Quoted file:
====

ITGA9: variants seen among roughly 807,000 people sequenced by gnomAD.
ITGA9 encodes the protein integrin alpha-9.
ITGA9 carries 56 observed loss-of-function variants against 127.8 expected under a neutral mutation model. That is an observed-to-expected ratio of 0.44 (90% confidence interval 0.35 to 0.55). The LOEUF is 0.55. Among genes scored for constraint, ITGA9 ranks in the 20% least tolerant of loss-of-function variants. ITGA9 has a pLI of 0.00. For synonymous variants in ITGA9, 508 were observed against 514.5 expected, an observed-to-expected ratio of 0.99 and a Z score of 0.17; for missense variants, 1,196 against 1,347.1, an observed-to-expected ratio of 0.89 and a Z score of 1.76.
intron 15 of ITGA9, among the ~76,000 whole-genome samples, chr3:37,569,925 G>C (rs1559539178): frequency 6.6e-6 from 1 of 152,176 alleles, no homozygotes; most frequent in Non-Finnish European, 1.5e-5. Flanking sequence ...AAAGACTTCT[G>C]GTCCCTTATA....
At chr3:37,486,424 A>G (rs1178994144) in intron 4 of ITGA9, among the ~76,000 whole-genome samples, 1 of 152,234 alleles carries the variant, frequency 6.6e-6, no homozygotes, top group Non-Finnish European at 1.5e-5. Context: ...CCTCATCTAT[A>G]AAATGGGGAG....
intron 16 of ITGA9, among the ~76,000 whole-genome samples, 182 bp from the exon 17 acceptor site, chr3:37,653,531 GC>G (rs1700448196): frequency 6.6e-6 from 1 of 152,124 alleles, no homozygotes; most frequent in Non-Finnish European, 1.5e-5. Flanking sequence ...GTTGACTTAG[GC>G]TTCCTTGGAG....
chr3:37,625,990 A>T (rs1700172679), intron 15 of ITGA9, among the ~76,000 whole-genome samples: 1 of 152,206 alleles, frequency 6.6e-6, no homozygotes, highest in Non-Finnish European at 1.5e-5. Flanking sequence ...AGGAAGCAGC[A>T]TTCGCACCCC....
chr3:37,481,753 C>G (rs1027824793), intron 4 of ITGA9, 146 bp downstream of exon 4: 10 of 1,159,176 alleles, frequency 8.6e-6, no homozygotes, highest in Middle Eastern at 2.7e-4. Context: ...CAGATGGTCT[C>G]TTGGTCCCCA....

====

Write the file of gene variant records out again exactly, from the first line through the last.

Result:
ITGA9: variants seen among roughly 807,000 people sequenced by gnomAD.
ITGA9 encodes the protein integrin alpha-9.
ITGA9 carries 56 observed loss-of-function variants against 127.8 expected under a neutral mutation model. That is an observed-to-expected ratio of 0.44 (90% confidence interval 0.35 to 0.55). The LOEUF is 0.55. Among genes scored for constraint, ITGA9 ranks in the 20% least tolerant of loss-of-function variants. ITGA9 has a pLI of 0.00. For synonymous variants in ITGA9, 508 were observed against 514.5 expected, an observed-to-expected ratio of 0.99 and a Z score of 0.17; for missense variants, 1,196 against 1,347.1, an observed-to-expected ratio of 0.89 and a Z score of 1.76.
intron 15 of ITGA9, among the ~76,000 whole-genome samples, chr3:37,569,925 G>C (rs1559539178): frequency 6.6e-6 from 1 of 152,176 alleles, no homozygotes; most frequent in Non-Finnish European, 1.5e-5. Flanking sequence ...AAAGACTTCT[G>C]GTCCCTTATA....
At chr3:37,486,424 A>G (rs1178994144) in intron 4 of ITGA9, among the ~76,000 whole-genome samples, 1 of 152,234 alleles carries the variant, frequency 6.6e-6, no homozygotes, top group Non-Finnish European at 1.5e-5. Context: ...CCTCATCTAT[A>G]AAATGGGGAG....
intron 16 of ITGA9, among the ~76,000 whole-genome samples, 182 bp from the exon 17 acceptor site, chr3:37,653,531 GC>G (rs1700448196): frequency 6.6e-6 from 1 of 152,124 alleles, no homozygotes; most frequent in Non-Finnish European, 1.5e-5. Flanking sequence ...GTTGACTTAG[GC>G]TTCCTTGGAG....
chr3:37,625,990 A>T (rs1700172679), intron 15 of ITGA9, among the ~76,000 whole-genome samples: 1 of 152,206 alleles, frequency 6.6e-6, no homozygotes, highest in Non-Finnish European at 1.5e-5. Flanking sequence ...AGGAAGCAGC[A>T]TTCGCACCCC....
chr3:37,481,753 C>G (rs1027824793), intron 4 of ITGA9, 146 bp downstream of exon 4: 10 of 1,159,176 alleles, frequency 8.6e-6, no homozygotes, highest in Middle Eastern at 2.7e-4. Context: ...CAGATGGTCT[C>G]TTGGTCCCCA....